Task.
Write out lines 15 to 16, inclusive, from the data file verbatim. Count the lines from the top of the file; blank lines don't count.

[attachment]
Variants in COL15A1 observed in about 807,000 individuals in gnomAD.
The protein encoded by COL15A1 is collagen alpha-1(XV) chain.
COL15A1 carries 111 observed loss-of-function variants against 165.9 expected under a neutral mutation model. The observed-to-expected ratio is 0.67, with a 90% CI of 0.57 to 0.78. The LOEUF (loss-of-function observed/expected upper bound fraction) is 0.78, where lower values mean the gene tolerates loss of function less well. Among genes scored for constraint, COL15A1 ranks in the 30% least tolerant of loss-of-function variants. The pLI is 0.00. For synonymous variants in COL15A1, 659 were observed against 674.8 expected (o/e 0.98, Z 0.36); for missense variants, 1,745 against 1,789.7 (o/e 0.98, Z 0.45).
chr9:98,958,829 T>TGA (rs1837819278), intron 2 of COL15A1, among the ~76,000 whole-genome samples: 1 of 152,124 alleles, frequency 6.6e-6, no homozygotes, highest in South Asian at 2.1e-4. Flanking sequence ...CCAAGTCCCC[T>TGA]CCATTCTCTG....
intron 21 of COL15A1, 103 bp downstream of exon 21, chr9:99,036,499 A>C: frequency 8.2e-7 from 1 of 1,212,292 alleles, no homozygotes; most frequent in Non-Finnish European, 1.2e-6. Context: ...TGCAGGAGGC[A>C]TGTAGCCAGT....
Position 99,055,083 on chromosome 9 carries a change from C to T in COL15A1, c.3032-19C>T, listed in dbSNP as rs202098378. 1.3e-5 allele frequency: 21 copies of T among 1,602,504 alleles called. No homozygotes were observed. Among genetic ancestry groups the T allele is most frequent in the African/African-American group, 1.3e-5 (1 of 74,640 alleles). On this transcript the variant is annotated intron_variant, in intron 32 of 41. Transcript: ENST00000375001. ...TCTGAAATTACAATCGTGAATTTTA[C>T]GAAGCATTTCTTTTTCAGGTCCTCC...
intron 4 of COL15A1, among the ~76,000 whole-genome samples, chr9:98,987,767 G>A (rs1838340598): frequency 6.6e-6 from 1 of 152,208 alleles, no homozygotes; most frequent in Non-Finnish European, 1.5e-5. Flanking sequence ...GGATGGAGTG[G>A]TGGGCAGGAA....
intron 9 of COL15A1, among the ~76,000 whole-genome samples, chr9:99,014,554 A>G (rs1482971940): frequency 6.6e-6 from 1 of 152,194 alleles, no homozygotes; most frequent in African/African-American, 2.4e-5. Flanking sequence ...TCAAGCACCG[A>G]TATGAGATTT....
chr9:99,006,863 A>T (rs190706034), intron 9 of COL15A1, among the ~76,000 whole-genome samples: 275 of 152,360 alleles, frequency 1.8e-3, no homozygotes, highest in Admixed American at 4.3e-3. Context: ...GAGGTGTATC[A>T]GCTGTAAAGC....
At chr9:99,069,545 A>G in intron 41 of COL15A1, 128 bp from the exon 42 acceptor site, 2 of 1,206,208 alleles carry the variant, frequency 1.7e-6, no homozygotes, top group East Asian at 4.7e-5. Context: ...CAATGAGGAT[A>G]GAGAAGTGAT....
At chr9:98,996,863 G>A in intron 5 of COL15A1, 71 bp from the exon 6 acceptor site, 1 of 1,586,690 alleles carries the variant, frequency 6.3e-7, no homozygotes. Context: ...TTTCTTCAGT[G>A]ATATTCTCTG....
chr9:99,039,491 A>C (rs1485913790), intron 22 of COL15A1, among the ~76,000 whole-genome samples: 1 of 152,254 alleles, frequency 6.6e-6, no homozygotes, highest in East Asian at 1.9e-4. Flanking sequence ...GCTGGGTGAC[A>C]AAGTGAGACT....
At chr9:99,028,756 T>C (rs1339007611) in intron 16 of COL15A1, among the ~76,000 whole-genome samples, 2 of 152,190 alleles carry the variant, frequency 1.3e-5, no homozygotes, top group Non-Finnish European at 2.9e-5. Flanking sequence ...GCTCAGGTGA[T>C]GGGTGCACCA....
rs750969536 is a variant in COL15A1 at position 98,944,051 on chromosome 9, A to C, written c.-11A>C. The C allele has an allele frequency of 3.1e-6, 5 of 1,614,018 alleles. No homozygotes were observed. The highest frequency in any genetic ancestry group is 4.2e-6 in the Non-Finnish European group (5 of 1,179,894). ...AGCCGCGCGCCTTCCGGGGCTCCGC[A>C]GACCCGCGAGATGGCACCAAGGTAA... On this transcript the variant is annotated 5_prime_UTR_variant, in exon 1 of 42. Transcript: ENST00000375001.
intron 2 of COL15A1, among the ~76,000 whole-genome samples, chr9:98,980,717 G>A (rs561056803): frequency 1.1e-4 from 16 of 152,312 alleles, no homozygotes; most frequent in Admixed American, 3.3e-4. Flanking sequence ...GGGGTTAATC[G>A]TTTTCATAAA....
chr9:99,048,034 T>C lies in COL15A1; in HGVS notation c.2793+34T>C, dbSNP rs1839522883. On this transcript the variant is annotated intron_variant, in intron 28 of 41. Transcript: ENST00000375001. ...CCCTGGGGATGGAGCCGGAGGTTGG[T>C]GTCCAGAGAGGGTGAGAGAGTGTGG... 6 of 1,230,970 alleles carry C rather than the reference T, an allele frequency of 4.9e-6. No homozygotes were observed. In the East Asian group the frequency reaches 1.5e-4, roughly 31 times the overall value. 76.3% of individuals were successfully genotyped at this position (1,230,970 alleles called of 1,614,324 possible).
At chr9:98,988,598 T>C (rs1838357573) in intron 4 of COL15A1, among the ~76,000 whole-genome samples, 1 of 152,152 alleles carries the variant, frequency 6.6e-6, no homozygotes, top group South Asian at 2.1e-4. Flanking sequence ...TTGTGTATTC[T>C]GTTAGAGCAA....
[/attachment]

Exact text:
intron 2 of COL15A1, among the ~76,000 whole-genome samples, chr9:98,980,717 G>A (rs561056803): frequency 1.1e-4 from 16 of 152,312 alleles, no homozygotes; most frequent in Admixed American, 3.3e-4. Flanking sequence ...GGGGTTAATC[G>A]TTTTCATAAA....
chr9:99,048,034 T>C lies in COL15A1; in HGVS notation c.2793+34T>C, dbSNP rs1839522883. On this transcript the variant is annotated intron_variant, in intron 28 of 41. Transcript: ENST00000375001. ...CCCTGGGGATGGAGCCGGAGGTTGG[T>C]GTCCAGAGAGGGTGAGAGAGTGTGG... 6 of 1,230,970 alleles carry C rather than the reference T, an allele frequency of 4.9e-6. No homozygotes were observed. In the East Asian group the frequency reaches 1.5e-4, roughly 31 times the overall value. 76.3% of individuals were successfully genotyped at this position (1,230,970 alleles called of 1,614,324 possible).